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Why private capital is a good match for regenerative ag

A USDA-backed report has provided clear direction for private fund managers interested in tapping growing institutional demand for regenerative agricultural investment strategies.

Axios reported last week that the US Federal Reserve had circulated invitations to a November conference that will examine the economic implications of the climate crisis. In addition to improvements in climate measurements and forecasting, the invitations mention innovative financing measures to help organisations adapt to and mitigate the effects of global warming as areas of particular interest.

That news was quickly followed by the announcement of an agreement between four multinational automakers and the state of California to continue increasing fuel-efficiency standards through 2026, despite federal plans to freeze standards at 2020 levels.

Amid the ongoing political crisis in the US – and divisions among the country’s politicians over how, and even whether, to cooperate with governments across the world on tackling the climate crisis – both developments demonstrate how necessity is driving a search for new avenues of collaboration between the public and private sectors.

Agriculture, of course, has long been at the center of such forward-looking efforts.

In fact, if and when the federal government’s network of investors, bankers and climate specialists begins to examine what role agricultural investments can play, it will likely find that many of the most potent ideas will have already been examined in Soil Wealth: Investing in Regenerative Agriculture Across Asset Classes, a USDA-supported report released earlier this month.

The report provides a snapshot of the state of play within one of the most dynamic and competitive corners of the agricultural investment markets: the $321 billion currently managed under the broader “sustainable” label and the $47.5 billion with a “regenerative” approach. It also analyzes 67 potential approaches for bringing catalytic capital into regenerative agriculture.

Though it finds that only one approach – state and federal income tax credits for conservation – is sufficiently established to reach scale, it helpfully categorizes the dozens of others by their relative states of readiness. In short, it presents a starting menu for any interested institution with an eye on the long term.

One of the report’s authors, Delta Institute regenerative food systems lead David LeZaks, told Agri Investor that private sector input played a key role in the three-year research effort.

Last year, LeZaks addressed an NCREIF working group about the influence of regenerative practices on land values. He told us that he was surprised to see that the biggest reaction among managers present was to guidance on how they could present such agricultural approaches to their investors as part of an impact strategy: “To me, that was a sign of – maybe not just that group, but maybe other asset owners are ready to be engaged in those conversations – whereas two, three, four or five years ago, we were just in a different time and at a different maturity.”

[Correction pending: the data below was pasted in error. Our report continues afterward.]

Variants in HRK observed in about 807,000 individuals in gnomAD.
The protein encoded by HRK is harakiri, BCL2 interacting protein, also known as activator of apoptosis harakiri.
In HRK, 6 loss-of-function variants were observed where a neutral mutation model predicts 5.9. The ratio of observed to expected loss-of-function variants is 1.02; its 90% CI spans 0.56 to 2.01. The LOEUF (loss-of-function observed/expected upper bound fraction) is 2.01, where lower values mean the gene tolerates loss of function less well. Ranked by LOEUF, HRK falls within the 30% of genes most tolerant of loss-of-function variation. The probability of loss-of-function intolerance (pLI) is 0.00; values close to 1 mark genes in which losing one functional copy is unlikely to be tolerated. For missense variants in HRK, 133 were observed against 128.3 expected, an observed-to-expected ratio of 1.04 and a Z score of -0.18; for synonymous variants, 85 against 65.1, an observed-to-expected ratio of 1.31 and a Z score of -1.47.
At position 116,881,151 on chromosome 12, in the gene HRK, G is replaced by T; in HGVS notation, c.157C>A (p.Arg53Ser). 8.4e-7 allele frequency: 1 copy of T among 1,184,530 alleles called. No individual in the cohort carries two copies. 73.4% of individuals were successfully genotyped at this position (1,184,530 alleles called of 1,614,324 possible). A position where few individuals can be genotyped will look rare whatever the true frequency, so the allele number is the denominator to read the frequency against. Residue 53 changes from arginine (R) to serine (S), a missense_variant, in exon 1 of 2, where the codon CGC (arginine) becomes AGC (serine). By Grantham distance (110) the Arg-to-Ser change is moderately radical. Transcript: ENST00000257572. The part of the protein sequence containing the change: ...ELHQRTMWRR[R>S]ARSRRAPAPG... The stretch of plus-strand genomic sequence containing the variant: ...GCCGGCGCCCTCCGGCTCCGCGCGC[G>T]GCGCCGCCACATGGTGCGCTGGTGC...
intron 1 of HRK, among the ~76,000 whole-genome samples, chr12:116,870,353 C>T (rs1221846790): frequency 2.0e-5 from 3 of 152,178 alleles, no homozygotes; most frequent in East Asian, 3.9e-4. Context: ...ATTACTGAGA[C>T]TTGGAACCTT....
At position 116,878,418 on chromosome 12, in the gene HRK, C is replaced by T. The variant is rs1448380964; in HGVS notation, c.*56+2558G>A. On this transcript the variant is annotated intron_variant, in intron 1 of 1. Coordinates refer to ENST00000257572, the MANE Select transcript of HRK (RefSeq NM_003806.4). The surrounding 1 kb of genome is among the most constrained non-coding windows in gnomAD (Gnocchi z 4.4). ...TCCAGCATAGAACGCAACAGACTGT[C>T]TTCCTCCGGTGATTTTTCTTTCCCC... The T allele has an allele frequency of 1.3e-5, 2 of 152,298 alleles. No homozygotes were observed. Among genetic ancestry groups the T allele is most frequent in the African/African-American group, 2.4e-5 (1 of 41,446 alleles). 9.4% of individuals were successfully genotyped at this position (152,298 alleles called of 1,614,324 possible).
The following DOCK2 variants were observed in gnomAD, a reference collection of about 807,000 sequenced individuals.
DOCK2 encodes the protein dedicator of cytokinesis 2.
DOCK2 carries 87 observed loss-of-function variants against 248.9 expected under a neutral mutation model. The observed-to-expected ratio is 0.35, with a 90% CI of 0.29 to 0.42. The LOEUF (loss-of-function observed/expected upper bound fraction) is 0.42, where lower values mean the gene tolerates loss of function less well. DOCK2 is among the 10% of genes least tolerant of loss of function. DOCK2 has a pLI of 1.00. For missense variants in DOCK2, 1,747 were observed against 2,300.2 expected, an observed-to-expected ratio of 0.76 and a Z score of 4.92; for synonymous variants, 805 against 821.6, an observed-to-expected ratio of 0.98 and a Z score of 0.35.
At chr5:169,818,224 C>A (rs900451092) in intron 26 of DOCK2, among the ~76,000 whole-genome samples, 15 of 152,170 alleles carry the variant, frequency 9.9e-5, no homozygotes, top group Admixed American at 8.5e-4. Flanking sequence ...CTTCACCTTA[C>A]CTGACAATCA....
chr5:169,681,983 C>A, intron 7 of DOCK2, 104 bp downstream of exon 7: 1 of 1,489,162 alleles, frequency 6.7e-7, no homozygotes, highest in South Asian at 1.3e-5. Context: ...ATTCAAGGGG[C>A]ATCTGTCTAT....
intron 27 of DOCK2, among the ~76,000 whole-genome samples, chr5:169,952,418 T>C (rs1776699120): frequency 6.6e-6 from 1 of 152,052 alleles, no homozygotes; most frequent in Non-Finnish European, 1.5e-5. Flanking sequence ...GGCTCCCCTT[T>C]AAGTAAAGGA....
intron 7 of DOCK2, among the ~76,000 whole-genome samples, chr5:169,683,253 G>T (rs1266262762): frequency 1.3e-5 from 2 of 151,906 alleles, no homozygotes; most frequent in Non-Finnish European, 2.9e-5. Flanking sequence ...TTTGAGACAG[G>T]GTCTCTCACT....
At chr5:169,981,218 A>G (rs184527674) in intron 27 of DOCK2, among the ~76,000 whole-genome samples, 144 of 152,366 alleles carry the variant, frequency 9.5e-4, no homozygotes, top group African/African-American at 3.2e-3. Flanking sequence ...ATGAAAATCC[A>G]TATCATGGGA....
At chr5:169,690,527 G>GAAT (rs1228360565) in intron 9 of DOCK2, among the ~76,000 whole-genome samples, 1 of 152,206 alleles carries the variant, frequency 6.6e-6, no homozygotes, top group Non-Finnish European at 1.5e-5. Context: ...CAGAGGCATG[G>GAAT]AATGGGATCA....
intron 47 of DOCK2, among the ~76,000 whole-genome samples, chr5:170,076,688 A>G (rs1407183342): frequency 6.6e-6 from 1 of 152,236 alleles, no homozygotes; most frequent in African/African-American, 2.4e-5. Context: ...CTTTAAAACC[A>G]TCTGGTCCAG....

Contrary to popular perceptions of “sustainability” encouraging as little change to the natural environment as possible, LeZaks said the report’s focus on “regenerative” strategies highlighted the fact that positive changes to the environment – such as cover cropping and diversification – can also provide opportunities for the private sector to benefit and create related investment strategies.

“In any flow of capital, nature bats last,” he said. “If we try and go against these natural systems, in the short term, we might win, but in the long term, we probably won’t.”

The need to engage with complicated government regulation and support mechanisms has long been among the factors that keep many generalist investors away from agriculture.

As academics, the federal government and investors look to a future shaped by the climate crisis, a key question will be how they expect the roles of government and the private sector to evolve in response.

The agreement between California and the car companies demonstrates how some forward-looking firms are already peering through the fog that has effectively suspended policy-making in the US to a future in which public-private collaborations continue to evolve and deepen.

Though not all of the 67 approaches to financing regenerative agriculture profiled in Soil Wealth involve interacting with state or local government, many do. This suggests that managers who are willing to invest in developing new skills and mechanisms for public-sector collaboration at various scales will be presented with ample opportunity not just to produce returns for their investors, but also to help shepherd the systemic change the Soil Wealth report seeks to advance.